In view of the effects of the current economic crisis, the EESC draws attention to the growing danger of radicalisation, as regards both religiously and ideologically motivated terrorism. Protection of fundamental rights must be a key criterion for evaluation when planning and implementing counter-terrorism policy.
The EESC believes that the prevention aspect should be reviewed, and a new dimension added further upstream, involving the development of cooperation and the timely resolution of tensions.
The EESC recommends that:
- the term "terrorism motivated by bigotry, racism and xenophobia"be used in official documents of the EU and its agencies instead of "Islamist terrorism";
- all the EU institutions and national governments should shape their policies using qualitative and quantitative information on the dynamics of terrorism; a one-size-fits-all policy could be inappropriate, costly and ineffective;
- strategic documents on combating terrorism in the EU should refer to different types of terrorism: separatist, left-wing or anarchist, right-wing, single issue and religiously motivated terrorism. This strategic structure would help national governments, EU institutions and other stakeholders to adapt their approach and instruments to the specific challenges of the different types of terrorism;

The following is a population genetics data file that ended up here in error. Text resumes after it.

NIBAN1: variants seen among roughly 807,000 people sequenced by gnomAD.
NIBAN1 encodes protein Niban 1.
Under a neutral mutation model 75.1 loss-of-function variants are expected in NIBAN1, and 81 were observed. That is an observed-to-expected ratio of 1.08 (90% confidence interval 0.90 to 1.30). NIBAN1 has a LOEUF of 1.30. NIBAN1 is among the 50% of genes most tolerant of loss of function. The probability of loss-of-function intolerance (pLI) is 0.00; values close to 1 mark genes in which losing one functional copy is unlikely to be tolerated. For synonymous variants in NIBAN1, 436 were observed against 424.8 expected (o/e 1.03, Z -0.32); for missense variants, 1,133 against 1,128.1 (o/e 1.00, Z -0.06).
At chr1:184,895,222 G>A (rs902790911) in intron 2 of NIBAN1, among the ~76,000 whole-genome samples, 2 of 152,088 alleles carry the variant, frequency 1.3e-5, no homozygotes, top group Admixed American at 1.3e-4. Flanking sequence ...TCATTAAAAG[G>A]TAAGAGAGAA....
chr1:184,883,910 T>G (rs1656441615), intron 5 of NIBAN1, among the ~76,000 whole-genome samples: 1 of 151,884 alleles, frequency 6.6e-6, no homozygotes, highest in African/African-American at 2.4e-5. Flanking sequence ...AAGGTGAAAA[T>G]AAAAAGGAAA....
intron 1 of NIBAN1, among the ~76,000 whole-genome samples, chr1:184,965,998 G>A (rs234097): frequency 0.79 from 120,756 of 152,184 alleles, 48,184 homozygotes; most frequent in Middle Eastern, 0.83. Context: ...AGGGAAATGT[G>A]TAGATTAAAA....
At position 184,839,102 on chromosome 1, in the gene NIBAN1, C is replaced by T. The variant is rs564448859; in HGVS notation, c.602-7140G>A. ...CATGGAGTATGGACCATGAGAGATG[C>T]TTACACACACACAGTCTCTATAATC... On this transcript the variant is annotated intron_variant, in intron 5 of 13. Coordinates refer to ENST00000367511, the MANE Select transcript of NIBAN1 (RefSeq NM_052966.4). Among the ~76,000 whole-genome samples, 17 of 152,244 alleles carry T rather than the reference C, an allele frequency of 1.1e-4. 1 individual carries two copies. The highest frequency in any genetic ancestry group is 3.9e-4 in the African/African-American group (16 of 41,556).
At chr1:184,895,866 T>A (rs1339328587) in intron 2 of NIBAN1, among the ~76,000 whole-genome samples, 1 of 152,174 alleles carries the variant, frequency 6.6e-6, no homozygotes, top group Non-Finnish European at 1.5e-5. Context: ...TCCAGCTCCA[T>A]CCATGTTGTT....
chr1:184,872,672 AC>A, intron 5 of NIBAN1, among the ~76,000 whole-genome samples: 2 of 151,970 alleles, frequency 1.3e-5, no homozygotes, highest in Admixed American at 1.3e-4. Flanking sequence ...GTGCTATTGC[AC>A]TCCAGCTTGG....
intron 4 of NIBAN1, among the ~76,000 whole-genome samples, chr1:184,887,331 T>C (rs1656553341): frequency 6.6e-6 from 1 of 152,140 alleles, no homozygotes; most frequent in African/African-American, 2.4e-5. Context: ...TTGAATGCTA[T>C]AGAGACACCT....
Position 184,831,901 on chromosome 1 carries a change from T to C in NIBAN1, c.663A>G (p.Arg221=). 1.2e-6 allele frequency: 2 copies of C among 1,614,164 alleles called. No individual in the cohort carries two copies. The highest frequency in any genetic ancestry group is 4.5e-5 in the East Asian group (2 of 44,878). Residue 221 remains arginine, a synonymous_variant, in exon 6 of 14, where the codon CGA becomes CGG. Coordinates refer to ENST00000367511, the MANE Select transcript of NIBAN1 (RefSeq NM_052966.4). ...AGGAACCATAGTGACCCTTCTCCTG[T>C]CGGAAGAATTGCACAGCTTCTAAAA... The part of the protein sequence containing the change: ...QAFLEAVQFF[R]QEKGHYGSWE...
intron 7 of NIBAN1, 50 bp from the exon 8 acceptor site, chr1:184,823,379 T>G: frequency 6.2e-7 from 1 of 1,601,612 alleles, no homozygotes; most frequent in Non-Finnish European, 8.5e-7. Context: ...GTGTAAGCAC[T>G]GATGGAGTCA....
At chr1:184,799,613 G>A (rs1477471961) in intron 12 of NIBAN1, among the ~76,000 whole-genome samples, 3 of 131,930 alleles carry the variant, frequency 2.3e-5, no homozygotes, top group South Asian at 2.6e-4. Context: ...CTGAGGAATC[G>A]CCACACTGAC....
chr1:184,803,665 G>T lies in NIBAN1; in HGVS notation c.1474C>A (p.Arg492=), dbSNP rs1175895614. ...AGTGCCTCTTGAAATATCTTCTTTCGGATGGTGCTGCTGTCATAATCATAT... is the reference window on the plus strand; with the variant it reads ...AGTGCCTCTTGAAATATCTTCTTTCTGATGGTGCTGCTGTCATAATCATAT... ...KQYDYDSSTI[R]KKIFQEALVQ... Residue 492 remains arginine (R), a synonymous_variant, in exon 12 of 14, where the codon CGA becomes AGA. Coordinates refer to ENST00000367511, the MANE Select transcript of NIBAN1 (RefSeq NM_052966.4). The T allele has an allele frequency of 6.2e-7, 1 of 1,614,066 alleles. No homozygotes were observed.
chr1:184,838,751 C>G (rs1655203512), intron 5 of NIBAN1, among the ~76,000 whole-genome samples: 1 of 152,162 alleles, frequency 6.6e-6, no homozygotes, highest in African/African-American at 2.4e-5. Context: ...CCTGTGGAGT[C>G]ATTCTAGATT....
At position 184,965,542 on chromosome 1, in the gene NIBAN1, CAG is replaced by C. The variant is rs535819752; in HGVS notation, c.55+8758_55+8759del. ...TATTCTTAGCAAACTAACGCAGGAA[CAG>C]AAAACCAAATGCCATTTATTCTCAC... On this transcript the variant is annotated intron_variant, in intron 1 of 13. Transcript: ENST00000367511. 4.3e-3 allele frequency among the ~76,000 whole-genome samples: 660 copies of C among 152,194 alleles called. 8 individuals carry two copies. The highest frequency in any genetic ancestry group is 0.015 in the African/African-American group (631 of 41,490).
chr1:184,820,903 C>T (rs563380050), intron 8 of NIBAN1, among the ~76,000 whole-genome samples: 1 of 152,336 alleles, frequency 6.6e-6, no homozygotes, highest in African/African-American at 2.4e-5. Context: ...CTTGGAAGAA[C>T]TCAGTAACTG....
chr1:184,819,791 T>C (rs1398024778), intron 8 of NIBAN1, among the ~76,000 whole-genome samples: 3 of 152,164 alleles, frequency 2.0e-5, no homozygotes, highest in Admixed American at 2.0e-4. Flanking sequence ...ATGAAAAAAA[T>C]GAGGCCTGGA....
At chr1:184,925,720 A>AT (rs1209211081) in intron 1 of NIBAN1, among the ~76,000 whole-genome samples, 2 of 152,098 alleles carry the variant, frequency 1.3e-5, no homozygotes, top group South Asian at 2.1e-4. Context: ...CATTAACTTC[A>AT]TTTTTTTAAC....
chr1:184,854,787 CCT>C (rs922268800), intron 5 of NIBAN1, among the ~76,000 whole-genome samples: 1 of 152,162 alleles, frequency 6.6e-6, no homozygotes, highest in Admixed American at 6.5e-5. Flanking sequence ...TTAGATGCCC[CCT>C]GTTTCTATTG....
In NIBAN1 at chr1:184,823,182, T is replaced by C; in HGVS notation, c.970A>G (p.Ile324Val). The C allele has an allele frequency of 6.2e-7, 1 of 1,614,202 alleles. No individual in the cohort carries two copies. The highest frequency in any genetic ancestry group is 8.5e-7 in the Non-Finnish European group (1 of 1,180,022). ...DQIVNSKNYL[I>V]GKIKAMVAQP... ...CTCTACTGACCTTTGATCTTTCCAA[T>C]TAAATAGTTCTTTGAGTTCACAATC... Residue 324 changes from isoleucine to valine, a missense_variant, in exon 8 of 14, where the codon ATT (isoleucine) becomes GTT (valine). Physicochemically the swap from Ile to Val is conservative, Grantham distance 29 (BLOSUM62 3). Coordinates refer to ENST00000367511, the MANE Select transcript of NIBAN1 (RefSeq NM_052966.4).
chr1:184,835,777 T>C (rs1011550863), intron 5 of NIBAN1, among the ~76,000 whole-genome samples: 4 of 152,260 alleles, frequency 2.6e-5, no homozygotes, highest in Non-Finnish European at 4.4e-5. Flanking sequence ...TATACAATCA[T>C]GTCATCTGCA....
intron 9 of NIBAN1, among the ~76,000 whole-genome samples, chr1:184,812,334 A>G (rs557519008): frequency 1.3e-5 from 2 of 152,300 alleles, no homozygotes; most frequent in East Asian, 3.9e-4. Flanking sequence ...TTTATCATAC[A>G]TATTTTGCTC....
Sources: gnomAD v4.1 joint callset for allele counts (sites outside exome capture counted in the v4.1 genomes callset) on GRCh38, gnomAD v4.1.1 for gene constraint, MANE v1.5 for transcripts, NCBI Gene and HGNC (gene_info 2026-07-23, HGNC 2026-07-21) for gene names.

- the EU Strategy for combating radicalisation and recruitment to terrorism and the related action plan should include practical measures to curb inequalities and discrimination and should build inter alia upon the work of the European Agency for Fundamental Rights;
- the Commission and national governments should thoroughly assess the economic impact of security measures on the activities of private operators. The EESC warns that the development of costly technologies and the introduction of complicated procedures may affect the activities of economic operators and members of the public;
- the EU should be more vigorous in promoting the counter‑terrorism model based on democratic standards and procedures in countries where counter-terrorism policy can affect the quality of democracy and respect for fundamental rights.
Finally, the EESC warns that unlawful or inappropriate use of (sometimes sensitive) personal information, coupled with the broad powers held by authorities, may lead to discrimination and stigmatisation of specific persons and/or groups of people.